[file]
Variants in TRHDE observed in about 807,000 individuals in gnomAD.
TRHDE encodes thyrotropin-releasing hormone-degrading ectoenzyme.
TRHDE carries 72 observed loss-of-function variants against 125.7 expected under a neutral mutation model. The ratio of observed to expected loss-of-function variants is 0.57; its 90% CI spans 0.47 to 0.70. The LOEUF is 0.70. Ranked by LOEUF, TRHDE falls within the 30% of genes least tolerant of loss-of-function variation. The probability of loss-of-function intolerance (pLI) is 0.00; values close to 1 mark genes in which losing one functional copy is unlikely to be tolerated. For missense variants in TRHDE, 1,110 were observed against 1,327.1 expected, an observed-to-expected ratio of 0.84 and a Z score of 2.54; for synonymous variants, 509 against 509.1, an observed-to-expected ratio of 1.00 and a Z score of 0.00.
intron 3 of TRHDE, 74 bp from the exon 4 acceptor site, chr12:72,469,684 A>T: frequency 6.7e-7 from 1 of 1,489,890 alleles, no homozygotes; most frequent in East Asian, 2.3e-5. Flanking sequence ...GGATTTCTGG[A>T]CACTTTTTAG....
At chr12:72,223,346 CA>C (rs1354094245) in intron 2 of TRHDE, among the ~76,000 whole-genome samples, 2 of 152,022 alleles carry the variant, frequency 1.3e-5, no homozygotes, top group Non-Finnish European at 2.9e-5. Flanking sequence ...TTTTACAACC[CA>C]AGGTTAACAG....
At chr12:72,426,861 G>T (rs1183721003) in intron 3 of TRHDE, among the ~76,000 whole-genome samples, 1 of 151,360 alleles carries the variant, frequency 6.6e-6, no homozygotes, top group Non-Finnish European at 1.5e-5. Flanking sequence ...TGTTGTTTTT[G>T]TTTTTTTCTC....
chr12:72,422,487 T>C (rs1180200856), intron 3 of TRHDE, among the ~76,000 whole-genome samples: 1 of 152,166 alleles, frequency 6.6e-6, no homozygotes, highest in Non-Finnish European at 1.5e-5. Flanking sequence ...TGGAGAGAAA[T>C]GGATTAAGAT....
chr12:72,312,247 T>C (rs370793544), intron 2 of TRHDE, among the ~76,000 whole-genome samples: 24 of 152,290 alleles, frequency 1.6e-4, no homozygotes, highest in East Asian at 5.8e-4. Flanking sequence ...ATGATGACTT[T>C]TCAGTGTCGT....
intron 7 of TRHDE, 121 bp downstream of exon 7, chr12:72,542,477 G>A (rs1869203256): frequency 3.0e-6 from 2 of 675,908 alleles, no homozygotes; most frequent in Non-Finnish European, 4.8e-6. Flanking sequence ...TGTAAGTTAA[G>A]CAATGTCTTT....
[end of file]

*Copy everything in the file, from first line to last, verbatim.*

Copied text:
Variants in TRHDE observed in about 807,000 individuals in gnomAD.
TRHDE encodes thyrotropin-releasing hormone-degrading ectoenzyme.
TRHDE carries 72 observed loss-of-function variants against 125.7 expected under a neutral mutation model. The ratio of observed to expected loss-of-function variants is 0.57; its 90% CI spans 0.47 to 0.70. The LOEUF is 0.70. Ranked by LOEUF, TRHDE falls within the 30% of genes least tolerant of loss-of-function variation. The probability of loss-of-function intolerance (pLI) is 0.00; values close to 1 mark genes in which losing one functional copy is unlikely to be tolerated. For missense variants in TRHDE, 1,110 were observed against 1,327.1 expected, an observed-to-expected ratio of 0.84 and a Z score of 2.54; for synonymous variants, 509 against 509.1, an observed-to-expected ratio of 1.00 and a Z score of 0.00.
intron 3 of TRHDE, 74 bp from the exon 4 acceptor site, chr12:72,469,684 A>T: frequency 6.7e-7 from 1 of 1,489,890 alleles, no homozygotes; most frequent in East Asian, 2.3e-5. Flanking sequence ...GGATTTCTGG[A>T]CACTTTTTAG....
At chr12:72,223,346 CA>C (rs1354094245) in intron 2 of TRHDE, among the ~76,000 whole-genome samples, 2 of 152,022 alleles carry the variant, frequency 1.3e-5, no homozygotes, top group Non-Finnish European at 2.9e-5. Flanking sequence ...TTTTACAACC[CA>C]AGGTTAACAG....
At chr12:72,426,861 G>T (rs1183721003) in intron 3 of TRHDE, among the ~76,000 whole-genome samples, 1 of 151,360 alleles carries the variant, frequency 6.6e-6, no homozygotes, top group Non-Finnish European at 1.5e-5. Flanking sequence ...TGTTGTTTTT[G>T]TTTTTTTCTC....
chr12:72,422,487 T>C (rs1180200856), intron 3 of TRHDE, among the ~76,000 whole-genome samples: 1 of 152,166 alleles, frequency 6.6e-6, no homozygotes, highest in Non-Finnish European at 1.5e-5. Flanking sequence ...TGGAGAGAAA[T>C]GGATTAAGAT....
chr12:72,312,247 T>C (rs370793544), intron 2 of TRHDE, among the ~76,000 whole-genome samples: 24 of 152,290 alleles, frequency 1.6e-4, no homozygotes, highest in East Asian at 5.8e-4. Flanking sequence ...ATGATGACTT[T>C]TCAGTGTCGT....
intron 7 of TRHDE, 121 bp downstream of exon 7, chr12:72,542,477 G>A (rs1869203256): frequency 3.0e-6 from 2 of 675,908 alleles, no homozygotes; most frequent in Non-Finnish European, 4.8e-6. Flanking sequence ...TGTAAGTTAA[G>A]CAATGTCTTT....